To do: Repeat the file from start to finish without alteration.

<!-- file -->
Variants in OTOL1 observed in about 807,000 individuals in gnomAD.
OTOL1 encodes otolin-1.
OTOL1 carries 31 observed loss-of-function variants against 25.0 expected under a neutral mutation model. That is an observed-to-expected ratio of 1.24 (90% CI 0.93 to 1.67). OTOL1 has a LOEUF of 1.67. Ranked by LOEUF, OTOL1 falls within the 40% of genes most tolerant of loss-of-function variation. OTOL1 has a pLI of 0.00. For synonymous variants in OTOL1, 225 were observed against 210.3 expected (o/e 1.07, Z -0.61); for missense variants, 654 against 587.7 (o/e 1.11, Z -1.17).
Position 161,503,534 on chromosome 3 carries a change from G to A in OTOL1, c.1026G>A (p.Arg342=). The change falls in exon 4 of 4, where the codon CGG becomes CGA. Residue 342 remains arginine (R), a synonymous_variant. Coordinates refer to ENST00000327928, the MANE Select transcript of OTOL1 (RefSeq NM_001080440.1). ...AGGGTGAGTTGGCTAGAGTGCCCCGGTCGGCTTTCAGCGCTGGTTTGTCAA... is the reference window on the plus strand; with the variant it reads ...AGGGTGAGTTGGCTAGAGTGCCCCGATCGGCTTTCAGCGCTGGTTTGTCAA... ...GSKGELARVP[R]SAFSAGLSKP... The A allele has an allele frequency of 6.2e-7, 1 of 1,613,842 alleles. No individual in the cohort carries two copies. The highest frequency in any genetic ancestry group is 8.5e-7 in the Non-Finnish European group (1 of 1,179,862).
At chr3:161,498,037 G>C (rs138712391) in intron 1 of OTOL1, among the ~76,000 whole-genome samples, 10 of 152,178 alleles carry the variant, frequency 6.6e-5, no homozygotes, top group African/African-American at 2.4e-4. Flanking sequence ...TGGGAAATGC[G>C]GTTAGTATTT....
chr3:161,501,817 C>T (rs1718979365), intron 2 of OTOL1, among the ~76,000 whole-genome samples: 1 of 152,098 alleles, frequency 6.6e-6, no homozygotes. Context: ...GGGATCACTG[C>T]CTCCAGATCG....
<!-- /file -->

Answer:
Variants in OTOL1 observed in about 807,000 individuals in gnomAD.
OTOL1 encodes otolin-1.
OTOL1 carries 31 observed loss-of-function variants against 25.0 expected under a neutral mutation model. That is an observed-to-expected ratio of 1.24 (90% CI 0.93 to 1.67). OTOL1 has a LOEUF of 1.67. Ranked by LOEUF, OTOL1 falls within the 40% of genes most tolerant of loss-of-function variation. OTOL1 has a pLI of 0.00. For synonymous variants in OTOL1, 225 were observed against 210.3 expected (o/e 1.07, Z -0.61); for missense variants, 654 against 587.7 (o/e 1.11, Z -1.17).
Position 161,503,534 on chromosome 3 carries a change from G to A in OTOL1, c.1026G>A (p.Arg342=). The change falls in exon 4 of 4, where the codon CGG becomes CGA. Residue 342 remains arginine (R), a synonymous_variant. Coordinates refer to ENST00000327928, the MANE Select transcript of OTOL1 (RefSeq NM_001080440.1). ...AGGGTGAGTTGGCTAGAGTGCCCCGGTCGGCTTTCAGCGCTGGTTTGTCAA... is the reference window on the plus strand; with the variant it reads ...AGGGTGAGTTGGCTAGAGTGCCCCGATCGGCTTTCAGCGCTGGTTTGTCAA... ...GSKGELARVP[R]SAFSAGLSKP... The A allele has an allele frequency of 6.2e-7, 1 of 1,613,842 alleles. No individual in the cohort carries two copies. The highest frequency in any genetic ancestry group is 8.5e-7 in the Non-Finnish European group (1 of 1,179,862).
At chr3:161,498,037 G>C (rs138712391) in intron 1 of OTOL1, among the ~76,000 whole-genome samples, 10 of 152,178 alleles carry the variant, frequency 6.6e-5, no homozygotes, top group African/African-American at 2.4e-4. Flanking sequence ...TGGGAAATGC[G>C]GTTAGTATTT....
chr3:161,501,817 C>T (rs1718979365), intron 2 of OTOL1, among the ~76,000 whole-genome samples: 1 of 152,098 alleles, frequency 6.6e-6, no homozygotes. Context: ...GGGATCACTG[C>T]CTCCAGATCG....